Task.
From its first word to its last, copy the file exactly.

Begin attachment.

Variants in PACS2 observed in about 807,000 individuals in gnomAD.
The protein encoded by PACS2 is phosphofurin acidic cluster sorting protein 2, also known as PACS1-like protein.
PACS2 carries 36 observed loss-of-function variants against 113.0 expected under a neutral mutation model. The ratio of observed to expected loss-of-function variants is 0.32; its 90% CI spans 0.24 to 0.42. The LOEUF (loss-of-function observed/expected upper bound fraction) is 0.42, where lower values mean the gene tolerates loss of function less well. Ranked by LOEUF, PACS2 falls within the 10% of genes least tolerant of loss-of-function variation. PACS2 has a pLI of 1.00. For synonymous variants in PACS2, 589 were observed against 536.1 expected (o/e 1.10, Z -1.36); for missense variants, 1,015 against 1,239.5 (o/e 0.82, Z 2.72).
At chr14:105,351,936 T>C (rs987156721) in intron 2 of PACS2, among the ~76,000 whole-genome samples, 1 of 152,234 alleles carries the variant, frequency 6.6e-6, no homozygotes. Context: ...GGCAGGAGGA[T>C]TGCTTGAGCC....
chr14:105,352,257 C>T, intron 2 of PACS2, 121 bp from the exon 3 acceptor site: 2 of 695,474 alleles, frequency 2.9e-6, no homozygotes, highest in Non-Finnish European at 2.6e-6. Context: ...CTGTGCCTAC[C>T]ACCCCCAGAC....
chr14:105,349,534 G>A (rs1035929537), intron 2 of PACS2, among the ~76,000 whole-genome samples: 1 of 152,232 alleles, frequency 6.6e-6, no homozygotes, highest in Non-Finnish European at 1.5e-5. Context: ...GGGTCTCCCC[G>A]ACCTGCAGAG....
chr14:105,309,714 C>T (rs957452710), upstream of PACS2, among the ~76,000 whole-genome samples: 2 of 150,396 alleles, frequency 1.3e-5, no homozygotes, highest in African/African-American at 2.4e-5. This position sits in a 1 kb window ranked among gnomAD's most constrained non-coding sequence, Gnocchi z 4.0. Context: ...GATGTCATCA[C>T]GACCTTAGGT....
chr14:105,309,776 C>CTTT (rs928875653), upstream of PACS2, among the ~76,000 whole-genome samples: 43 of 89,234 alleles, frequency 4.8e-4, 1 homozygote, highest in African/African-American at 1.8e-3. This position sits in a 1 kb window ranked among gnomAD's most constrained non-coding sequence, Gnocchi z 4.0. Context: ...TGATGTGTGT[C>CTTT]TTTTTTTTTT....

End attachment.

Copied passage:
Variants in PACS2 observed in about 807,000 individuals in gnomAD.
The protein encoded by PACS2 is phosphofurin acidic cluster sorting protein 2, also known as PACS1-like protein.
PACS2 carries 36 observed loss-of-function variants against 113.0 expected under a neutral mutation model. The ratio of observed to expected loss-of-function variants is 0.32; its 90% CI spans 0.24 to 0.42. The LOEUF (loss-of-function observed/expected upper bound fraction) is 0.42, where lower values mean the gene tolerates loss of function less well. Ranked by LOEUF, PACS2 falls within the 10% of genes least tolerant of loss-of-function variation. PACS2 has a pLI of 1.00. For synonymous variants in PACS2, 589 were observed against 536.1 expected (o/e 1.10, Z -1.36); for missense variants, 1,015 against 1,239.5 (o/e 0.82, Z 2.72).
At chr14:105,351,936 T>C (rs987156721) in intron 2 of PACS2, among the ~76,000 whole-genome samples, 1 of 152,234 alleles carries the variant, frequency 6.6e-6, no homozygotes. Context: ...GGCAGGAGGA[T>C]TGCTTGAGCC....
chr14:105,352,257 C>T, intron 2 of PACS2, 121 bp from the exon 3 acceptor site: 2 of 695,474 alleles, frequency 2.9e-6, no homozygotes, highest in Non-Finnish European at 2.6e-6. Context: ...CTGTGCCTAC[C>T]ACCCCCAGAC....
chr14:105,349,534 G>A (rs1035929537), intron 2 of PACS2, among the ~76,000 whole-genome samples: 1 of 152,232 alleles, frequency 6.6e-6, no homozygotes, highest in Non-Finnish European at 1.5e-5. Context: ...GGGTCTCCCC[G>A]ACCTGCAGAG....
chr14:105,309,714 C>T (rs957452710), upstream of PACS2, among the ~76,000 whole-genome samples: 2 of 150,396 alleles, frequency 1.3e-5, no homozygotes, highest in African/African-American at 2.4e-5. This position sits in a 1 kb window ranked among gnomAD's most constrained non-coding sequence, Gnocchi z 4.0. Context: ...GATGTCATCA[C>T]GACCTTAGGT....
chr14:105,309,776 C>CTTT (rs928875653), upstream of PACS2, among the ~76,000 whole-genome samples: 43 of 89,234 alleles, frequency 4.8e-4, 1 homozygote, highest in African/African-American at 1.8e-3. This position sits in a 1 kb window ranked among gnomAD's most constrained non-coding sequence, Gnocchi z 4.0. Context: ...TGATGTGTGT[C>CTTT]TTTTTTTTTT....